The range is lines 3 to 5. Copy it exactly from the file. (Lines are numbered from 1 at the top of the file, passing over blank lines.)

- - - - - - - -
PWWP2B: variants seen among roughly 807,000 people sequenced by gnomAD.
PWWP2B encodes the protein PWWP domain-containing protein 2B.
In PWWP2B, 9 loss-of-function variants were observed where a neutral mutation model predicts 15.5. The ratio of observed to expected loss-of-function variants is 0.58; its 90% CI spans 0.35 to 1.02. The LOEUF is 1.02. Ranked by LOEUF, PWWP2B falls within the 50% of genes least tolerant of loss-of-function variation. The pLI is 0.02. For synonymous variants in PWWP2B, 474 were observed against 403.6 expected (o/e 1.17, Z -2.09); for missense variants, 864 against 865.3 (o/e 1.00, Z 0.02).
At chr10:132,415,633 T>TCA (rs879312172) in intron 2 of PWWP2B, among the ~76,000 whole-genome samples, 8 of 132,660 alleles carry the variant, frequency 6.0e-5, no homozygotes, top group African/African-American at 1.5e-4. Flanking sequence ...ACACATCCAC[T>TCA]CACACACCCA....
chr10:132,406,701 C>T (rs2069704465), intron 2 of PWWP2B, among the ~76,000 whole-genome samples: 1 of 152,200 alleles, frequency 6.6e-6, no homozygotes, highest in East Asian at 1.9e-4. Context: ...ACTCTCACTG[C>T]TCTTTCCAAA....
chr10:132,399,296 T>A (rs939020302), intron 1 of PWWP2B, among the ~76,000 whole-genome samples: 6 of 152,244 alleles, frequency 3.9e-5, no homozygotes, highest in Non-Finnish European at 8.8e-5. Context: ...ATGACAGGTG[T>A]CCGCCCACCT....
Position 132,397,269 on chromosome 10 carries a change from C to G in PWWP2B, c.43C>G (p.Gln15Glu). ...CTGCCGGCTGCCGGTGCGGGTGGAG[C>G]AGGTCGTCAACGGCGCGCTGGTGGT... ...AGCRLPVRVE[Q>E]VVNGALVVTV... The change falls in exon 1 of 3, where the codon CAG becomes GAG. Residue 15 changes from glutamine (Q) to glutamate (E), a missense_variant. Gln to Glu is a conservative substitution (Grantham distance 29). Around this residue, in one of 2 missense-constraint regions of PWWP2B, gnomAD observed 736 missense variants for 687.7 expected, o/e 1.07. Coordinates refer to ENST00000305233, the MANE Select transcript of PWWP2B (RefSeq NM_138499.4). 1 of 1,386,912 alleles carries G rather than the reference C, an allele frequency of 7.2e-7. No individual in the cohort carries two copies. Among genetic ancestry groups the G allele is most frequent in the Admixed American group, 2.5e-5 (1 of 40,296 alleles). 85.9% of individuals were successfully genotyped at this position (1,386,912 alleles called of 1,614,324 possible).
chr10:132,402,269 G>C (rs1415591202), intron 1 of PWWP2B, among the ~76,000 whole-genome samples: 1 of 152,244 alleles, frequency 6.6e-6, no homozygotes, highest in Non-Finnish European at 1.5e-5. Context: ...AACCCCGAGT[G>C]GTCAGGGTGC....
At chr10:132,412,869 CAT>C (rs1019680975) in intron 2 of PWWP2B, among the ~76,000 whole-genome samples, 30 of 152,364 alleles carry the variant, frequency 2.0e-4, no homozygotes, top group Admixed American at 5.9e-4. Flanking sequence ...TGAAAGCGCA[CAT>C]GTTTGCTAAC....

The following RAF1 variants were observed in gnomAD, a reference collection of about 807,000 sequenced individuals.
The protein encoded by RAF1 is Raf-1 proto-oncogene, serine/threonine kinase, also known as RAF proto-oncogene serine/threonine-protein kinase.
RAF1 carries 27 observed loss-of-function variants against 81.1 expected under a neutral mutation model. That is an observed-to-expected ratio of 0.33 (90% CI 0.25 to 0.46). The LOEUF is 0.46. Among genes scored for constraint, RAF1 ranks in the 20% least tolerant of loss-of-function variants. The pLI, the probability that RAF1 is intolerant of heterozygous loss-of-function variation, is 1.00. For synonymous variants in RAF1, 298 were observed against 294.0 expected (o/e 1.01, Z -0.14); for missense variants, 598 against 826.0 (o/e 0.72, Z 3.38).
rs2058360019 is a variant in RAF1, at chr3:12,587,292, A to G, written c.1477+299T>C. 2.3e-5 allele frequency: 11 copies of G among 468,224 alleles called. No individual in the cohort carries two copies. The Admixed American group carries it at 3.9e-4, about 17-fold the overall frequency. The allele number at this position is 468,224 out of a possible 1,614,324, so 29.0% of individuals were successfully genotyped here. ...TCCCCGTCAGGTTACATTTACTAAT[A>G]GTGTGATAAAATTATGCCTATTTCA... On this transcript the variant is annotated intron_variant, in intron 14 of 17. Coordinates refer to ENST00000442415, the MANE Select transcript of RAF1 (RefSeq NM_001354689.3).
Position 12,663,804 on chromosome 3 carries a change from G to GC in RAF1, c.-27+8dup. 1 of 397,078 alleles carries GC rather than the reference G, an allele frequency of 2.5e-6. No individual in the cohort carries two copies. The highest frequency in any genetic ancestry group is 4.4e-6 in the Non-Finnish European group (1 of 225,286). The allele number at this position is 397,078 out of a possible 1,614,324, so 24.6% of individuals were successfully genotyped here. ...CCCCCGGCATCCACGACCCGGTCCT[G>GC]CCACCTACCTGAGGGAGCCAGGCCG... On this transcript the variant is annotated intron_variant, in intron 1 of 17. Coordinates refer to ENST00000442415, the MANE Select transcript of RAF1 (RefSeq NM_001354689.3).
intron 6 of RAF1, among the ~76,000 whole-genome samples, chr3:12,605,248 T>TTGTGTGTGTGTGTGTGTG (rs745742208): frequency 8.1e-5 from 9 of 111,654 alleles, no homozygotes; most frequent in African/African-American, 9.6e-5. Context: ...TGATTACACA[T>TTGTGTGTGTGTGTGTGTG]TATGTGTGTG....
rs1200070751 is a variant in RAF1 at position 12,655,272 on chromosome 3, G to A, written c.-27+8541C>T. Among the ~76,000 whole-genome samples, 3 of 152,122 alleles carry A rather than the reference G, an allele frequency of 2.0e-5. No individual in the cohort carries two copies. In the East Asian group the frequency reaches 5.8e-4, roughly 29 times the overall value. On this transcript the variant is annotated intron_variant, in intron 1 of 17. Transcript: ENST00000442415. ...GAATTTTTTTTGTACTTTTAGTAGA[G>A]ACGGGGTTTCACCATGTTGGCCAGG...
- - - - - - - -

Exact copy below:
In PWWP2B, 9 loss-of-function variants were observed where a neutral mutation model predicts 15.5. The ratio of observed to expected loss-of-function variants is 0.58; its 90% CI spans 0.35 to 1.02. The LOEUF is 1.02. Ranked by LOEUF, PWWP2B falls within the 50% of genes least tolerant of loss-of-function variation. The pLI is 0.02. For synonymous variants in PWWP2B, 474 were observed against 403.6 expected (o/e 1.17, Z -2.09); for missense variants, 864 against 865.3 (o/e 1.00, Z 0.02).
At chr10:132,415,633 T>TCA (rs879312172) in intron 2 of PWWP2B, among the ~76,000 whole-genome samples, 8 of 132,660 alleles carry the variant, frequency 6.0e-5, no homozygotes, top group African/African-American at 1.5e-4. Flanking sequence ...ACACATCCAC[T>TCA]CACACACCCA....
chr10:132,406,701 C>T (rs2069704465), intron 2 of PWWP2B, among the ~76,000 whole-genome samples: 1 of 152,200 alleles, frequency 6.6e-6, no homozygotes, highest in East Asian at 1.9e-4. Context: ...ACTCTCACTG[C>T]TCTTTCCAAA....